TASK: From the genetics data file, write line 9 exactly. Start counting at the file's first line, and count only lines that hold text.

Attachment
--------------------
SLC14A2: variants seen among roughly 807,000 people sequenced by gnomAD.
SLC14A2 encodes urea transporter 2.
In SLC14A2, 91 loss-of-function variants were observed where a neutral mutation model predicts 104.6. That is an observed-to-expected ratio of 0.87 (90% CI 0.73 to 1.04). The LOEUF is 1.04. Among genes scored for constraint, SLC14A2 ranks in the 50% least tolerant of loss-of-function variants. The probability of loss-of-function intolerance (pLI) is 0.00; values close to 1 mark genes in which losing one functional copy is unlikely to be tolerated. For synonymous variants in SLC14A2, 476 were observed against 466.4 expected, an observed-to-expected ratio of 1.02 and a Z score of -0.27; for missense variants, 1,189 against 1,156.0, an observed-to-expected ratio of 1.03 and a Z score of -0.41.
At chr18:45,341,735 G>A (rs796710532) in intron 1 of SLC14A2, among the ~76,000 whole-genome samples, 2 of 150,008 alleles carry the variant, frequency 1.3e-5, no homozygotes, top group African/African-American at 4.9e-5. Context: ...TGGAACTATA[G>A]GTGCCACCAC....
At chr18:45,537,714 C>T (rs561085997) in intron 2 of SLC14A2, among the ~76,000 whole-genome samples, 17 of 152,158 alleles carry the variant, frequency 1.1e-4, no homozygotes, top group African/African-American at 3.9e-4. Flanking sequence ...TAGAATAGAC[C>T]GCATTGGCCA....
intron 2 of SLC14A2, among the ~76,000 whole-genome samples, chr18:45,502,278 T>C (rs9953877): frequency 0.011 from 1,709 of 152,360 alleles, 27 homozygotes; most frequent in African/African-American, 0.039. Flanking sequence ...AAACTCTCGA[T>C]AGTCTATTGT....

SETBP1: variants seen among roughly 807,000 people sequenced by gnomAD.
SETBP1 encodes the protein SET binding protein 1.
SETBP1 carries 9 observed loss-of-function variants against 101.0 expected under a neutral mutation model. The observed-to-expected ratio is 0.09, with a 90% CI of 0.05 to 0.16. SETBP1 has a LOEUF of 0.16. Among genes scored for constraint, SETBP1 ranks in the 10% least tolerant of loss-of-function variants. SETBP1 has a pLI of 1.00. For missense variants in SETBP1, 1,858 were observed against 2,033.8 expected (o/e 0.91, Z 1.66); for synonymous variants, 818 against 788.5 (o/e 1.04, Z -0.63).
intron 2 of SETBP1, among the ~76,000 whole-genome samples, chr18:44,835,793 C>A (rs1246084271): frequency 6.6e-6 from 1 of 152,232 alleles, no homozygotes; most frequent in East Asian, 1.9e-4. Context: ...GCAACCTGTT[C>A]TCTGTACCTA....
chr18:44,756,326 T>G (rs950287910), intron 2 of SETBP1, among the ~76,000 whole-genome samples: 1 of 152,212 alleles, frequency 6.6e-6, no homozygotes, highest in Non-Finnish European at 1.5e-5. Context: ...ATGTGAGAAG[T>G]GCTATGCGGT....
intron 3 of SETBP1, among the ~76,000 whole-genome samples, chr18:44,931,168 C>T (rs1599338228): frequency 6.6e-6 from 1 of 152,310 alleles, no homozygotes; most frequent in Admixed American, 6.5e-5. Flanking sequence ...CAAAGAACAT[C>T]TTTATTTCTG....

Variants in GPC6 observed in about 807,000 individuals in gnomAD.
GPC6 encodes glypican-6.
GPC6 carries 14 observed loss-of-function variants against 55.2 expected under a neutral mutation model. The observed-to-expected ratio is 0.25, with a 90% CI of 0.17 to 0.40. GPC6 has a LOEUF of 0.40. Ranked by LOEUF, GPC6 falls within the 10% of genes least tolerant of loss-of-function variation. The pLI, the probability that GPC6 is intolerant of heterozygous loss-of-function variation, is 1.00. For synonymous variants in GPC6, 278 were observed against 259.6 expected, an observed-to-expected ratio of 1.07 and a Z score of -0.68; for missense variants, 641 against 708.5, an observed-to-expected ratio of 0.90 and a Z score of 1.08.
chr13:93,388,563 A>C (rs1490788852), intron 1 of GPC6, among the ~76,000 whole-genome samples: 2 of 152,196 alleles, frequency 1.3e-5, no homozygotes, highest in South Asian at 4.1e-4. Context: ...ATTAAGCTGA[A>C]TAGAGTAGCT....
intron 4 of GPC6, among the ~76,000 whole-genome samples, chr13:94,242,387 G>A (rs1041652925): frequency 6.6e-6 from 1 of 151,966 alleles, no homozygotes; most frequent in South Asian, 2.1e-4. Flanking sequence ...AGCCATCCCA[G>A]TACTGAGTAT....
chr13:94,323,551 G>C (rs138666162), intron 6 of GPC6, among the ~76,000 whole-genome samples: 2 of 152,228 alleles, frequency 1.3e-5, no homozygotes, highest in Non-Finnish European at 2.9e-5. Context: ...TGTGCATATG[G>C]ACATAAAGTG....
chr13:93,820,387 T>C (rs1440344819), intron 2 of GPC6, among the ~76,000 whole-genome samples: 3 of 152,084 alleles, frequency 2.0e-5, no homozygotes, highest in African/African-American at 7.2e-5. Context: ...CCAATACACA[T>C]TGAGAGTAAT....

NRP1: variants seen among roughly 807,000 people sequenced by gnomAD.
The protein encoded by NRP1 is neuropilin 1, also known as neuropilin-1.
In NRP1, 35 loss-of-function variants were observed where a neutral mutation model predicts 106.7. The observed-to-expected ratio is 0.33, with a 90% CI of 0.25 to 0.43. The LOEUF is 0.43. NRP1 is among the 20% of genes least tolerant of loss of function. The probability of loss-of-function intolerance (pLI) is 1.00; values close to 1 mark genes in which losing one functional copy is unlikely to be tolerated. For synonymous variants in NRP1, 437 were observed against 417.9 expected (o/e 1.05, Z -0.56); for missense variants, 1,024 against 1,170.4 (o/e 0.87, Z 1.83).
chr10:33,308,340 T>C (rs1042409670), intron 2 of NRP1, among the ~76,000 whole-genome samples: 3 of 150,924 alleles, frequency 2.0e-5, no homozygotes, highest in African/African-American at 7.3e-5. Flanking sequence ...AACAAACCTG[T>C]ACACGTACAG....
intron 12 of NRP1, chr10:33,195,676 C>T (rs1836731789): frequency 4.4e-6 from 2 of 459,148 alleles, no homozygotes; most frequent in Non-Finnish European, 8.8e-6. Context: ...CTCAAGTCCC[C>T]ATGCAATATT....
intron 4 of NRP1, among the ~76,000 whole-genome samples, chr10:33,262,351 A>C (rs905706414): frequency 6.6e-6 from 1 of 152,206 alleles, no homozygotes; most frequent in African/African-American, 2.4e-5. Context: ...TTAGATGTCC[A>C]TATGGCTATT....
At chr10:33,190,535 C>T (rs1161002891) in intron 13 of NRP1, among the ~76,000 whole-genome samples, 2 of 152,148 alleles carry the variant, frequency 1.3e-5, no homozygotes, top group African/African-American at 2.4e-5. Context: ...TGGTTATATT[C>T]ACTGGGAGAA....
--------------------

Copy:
SETBP1 carries 9 observed loss-of-function variants against 101.0 expected under a neutral mutation model. The observed-to-expected ratio is 0.09, with a 90% CI of 0.05 to 0.16. SETBP1 has a LOEUF of 0.16. Among genes scored for constraint, SETBP1 ranks in the 10% least tolerant of loss-of-function variants. SETBP1 has a pLI of 1.00. For missense variants in SETBP1, 1,858 were observed against 2,033.8 expected (o/e 0.91, Z 1.66); for synonymous variants, 818 against 788.5 (o/e 1.04, Z -0.63).